Four astronauts have returned to Earth from the International Space Station, in what was NASA's first night-time landing in fifty three years. The crew - three NASA astronauts and one from Japan's space agency JAXA - spent almost six months in space. They flew back in SpaceX's Crew Dragon Resilience and splash-landed off Panama City, Florida. They were supposed to leave the ISS earlier, but their departure was delayed due to bad weather in Florida. NASA said that the crew were 'in good spirits' after successfully landing in the Gulf of Mexico. Speaking at a press conference after the landing, a SpaceX crew operations and resources engineer told the astronauts: 'Dragon, on behalf of NASA and SpaceX teams, we welcome you back to planet Earth and thanks for flying SpaceX. For those of you enrolled in our frequent flier programme, you've earned sixty eight million miles on this voyage.' NASA astronaut Michael Hopkins, commander of the Crew-1 mission, replied: 'It is good to be back on planet Earth. We'll take those miles. Are they transferable?' Confirming the safe landing on Sunday morning, NASA said that the crew were given medical checks before being flown from Pensacola to Houston. The last NASA crew to land back on Earth at night-time was Apollo-8 - the first manned mission to the moon, which returned on 27 December 1968. This latest mission was a collaboration between NASA and SpaceX, as part of the former's Commercial Crew programme. SpaceX, owned by Elon Musk, has become NASA's favoured commercial space flight partner. There are still seven astronauts on the ISS, including a new crew of four people who arrived on a different SpaceX craft last week on a mission called Crew-2. As the capsule moved off, Hopkins said: 'Thanks for your hospitality. We'll see you back on Earth.' The astronauts - Hopkins, Victor Glover, Shannon Walker and Soichi Noguchi - travelled into space last November on the first fully operational mission to the ISS by a vehicle made by SpaceX. Glover also made history with this mission, by becoming the first person of colour to hold a long-duration crew assignment on the ISS. Speaking at a remote press conference before the crew's return to Earth, he said: 'One thing that did really profoundly impact me was the very first time I got out of the seat after [the spacecraft] was safely in orbit, and I looked out the window and saw the earth from two hundred and fifty miles up. I will never forget that moment. It wasn't about the view. It was how the view made me feel.' In May 2020, two US astronauts made a test mission to the ISS and stayed until July. This mission, Demo-2, was SpaceX's first astronaut mission. That was also the first launch to the ISS from US soil since the end of the Space Shuttle programme in 2011. Since then, the US had relied the Russian Soyuz spacecraft to send astronauts to the space station. It was also the first crewed mission run by a private company and not NASA.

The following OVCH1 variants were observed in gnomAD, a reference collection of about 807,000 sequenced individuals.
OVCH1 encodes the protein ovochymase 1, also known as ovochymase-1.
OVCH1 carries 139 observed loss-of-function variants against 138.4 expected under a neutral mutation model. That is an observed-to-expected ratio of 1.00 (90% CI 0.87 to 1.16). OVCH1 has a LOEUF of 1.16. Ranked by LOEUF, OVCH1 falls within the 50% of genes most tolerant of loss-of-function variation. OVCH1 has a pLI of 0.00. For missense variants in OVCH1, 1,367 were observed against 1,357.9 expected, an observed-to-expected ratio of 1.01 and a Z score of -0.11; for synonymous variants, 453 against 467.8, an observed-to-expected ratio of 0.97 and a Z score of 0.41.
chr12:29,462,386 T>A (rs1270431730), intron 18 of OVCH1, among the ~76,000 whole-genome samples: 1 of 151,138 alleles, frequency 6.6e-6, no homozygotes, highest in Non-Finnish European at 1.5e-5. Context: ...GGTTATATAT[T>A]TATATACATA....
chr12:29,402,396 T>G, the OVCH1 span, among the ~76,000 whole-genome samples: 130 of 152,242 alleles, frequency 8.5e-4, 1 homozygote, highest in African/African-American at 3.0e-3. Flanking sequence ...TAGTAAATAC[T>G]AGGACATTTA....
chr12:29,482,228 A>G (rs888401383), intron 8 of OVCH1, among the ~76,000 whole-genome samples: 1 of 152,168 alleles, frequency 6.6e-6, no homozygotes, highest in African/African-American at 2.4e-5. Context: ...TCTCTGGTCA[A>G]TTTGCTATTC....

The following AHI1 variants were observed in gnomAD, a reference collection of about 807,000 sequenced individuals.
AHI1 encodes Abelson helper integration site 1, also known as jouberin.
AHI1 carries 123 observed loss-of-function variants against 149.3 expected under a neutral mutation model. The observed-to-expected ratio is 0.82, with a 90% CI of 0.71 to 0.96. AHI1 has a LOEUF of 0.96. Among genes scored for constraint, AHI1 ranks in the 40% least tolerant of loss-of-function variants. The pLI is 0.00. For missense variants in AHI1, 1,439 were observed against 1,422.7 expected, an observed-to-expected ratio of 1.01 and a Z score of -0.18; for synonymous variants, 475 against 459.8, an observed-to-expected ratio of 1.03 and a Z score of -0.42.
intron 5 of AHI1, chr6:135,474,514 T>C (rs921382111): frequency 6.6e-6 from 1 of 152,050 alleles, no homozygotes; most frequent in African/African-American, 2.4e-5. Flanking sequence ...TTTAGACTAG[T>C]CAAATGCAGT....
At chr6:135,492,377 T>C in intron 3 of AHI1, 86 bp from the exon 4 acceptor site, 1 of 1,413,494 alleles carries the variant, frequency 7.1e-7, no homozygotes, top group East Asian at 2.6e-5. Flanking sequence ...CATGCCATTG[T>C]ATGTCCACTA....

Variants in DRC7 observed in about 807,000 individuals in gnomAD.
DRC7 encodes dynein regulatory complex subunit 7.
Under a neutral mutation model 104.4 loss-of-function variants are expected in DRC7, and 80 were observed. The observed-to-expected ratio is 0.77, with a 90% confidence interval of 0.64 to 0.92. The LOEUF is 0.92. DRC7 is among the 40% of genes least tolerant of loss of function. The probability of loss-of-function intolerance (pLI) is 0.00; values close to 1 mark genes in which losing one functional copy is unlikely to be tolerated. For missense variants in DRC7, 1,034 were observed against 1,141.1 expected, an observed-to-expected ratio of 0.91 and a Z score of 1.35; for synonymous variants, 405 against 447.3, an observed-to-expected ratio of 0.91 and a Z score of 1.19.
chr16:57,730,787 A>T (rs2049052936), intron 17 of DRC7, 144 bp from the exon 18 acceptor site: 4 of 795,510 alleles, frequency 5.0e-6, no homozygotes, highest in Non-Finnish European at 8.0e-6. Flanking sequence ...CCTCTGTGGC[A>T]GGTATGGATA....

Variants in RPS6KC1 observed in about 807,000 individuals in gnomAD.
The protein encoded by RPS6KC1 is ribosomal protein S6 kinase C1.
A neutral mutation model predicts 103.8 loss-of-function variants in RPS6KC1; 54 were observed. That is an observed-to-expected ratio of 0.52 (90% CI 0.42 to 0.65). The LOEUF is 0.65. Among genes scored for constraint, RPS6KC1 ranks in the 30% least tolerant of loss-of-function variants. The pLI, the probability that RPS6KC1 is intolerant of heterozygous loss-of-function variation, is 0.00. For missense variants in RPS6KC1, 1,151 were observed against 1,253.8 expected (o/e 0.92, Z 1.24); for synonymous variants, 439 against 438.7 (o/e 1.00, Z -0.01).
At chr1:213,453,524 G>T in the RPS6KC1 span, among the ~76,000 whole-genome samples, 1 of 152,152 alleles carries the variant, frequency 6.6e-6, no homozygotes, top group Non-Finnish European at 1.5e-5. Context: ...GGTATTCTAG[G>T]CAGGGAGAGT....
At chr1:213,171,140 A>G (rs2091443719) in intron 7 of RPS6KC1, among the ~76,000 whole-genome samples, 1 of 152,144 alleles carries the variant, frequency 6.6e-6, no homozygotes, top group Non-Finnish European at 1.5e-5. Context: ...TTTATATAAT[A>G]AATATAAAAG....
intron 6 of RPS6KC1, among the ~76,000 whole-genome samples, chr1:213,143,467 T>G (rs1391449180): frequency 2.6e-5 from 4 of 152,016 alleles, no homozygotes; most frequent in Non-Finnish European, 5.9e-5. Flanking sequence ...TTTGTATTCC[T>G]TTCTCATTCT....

Respect is considerably due to From The North favourites 5Live's Simon Mayo and Mark Kermode for the best 'so bad, it's brilliant' movie-related joke this blogger has heard in positives ages as part of the latest episode of their Film Review podcast.
'I've just been to a Bill & Ted convention in Oslo.'
'Yes way, dude ...'
And finally, dear blog reader, please do give a nice warm From The North welcome to the latest inhabitant of yer actual Stately Telly Topping Manor Plague House. Shaun.